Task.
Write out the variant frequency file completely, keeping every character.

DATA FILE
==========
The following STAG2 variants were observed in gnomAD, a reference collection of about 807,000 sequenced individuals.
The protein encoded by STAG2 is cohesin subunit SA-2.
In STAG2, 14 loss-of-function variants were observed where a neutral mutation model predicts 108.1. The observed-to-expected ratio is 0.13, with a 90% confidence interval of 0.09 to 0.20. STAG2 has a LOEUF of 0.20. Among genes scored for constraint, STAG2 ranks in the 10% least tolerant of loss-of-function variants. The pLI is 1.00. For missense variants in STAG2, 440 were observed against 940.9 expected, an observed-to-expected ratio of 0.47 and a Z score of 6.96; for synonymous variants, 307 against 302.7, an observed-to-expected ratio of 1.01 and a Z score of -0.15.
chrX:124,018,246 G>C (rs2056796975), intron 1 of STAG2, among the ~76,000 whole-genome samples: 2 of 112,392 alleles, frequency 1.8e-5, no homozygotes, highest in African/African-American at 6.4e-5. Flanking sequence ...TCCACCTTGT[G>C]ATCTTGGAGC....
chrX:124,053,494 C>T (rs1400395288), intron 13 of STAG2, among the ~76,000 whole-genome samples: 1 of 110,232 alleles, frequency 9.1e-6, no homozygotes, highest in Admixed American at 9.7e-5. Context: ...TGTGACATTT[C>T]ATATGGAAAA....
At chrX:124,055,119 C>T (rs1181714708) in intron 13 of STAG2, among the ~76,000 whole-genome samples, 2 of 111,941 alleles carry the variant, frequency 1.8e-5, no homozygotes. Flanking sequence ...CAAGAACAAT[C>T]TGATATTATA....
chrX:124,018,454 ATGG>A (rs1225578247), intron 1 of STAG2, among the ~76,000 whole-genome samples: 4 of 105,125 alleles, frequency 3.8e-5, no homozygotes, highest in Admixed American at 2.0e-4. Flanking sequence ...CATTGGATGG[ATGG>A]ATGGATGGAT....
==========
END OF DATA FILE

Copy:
The following STAG2 variants were observed in gnomAD, a reference collection of about 807,000 sequenced individuals.
The protein encoded by STAG2 is cohesin subunit SA-2.
In STAG2, 14 loss-of-function variants were observed where a neutral mutation model predicts 108.1. The observed-to-expected ratio is 0.13, with a 90% confidence interval of 0.09 to 0.20. STAG2 has a LOEUF of 0.20. Among genes scored for constraint, STAG2 ranks in the 10% least tolerant of loss-of-function variants. The pLI is 1.00. For missense variants in STAG2, 440 were observed against 940.9 expected, an observed-to-expected ratio of 0.47 and a Z score of 6.96; for synonymous variants, 307 against 302.7, an observed-to-expected ratio of 1.01 and a Z score of -0.15.
chrX:124,018,246 G>C (rs2056796975), intron 1 of STAG2, among the ~76,000 whole-genome samples: 2 of 112,392 alleles, frequency 1.8e-5, no homozygotes, highest in African/African-American at 6.4e-5. Flanking sequence ...TCCACCTTGT[G>C]ATCTTGGAGC....
chrX:124,053,494 C>T (rs1400395288), intron 13 of STAG2, among the ~76,000 whole-genome samples: 1 of 110,232 alleles, frequency 9.1e-6, no homozygotes, highest in Admixed American at 9.7e-5. Context: ...TGTGACATTT[C>T]ATATGGAAAA....
At chrX:124,055,119 C>T (rs1181714708) in intron 13 of STAG2, among the ~76,000 whole-genome samples, 2 of 111,941 alleles carry the variant, frequency 1.8e-5, no homozygotes. Flanking sequence ...CAAGAACAAT[C>T]TGATATTATA....
chrX:124,018,454 ATGG>A (rs1225578247), intron 1 of STAG2, among the ~76,000 whole-genome samples: 4 of 105,125 alleles, frequency 3.8e-5, no homozygotes, highest in Admixed American at 2.0e-4. Flanking sequence ...CATTGGATGG[ATGG>A]ATGGATGGAT....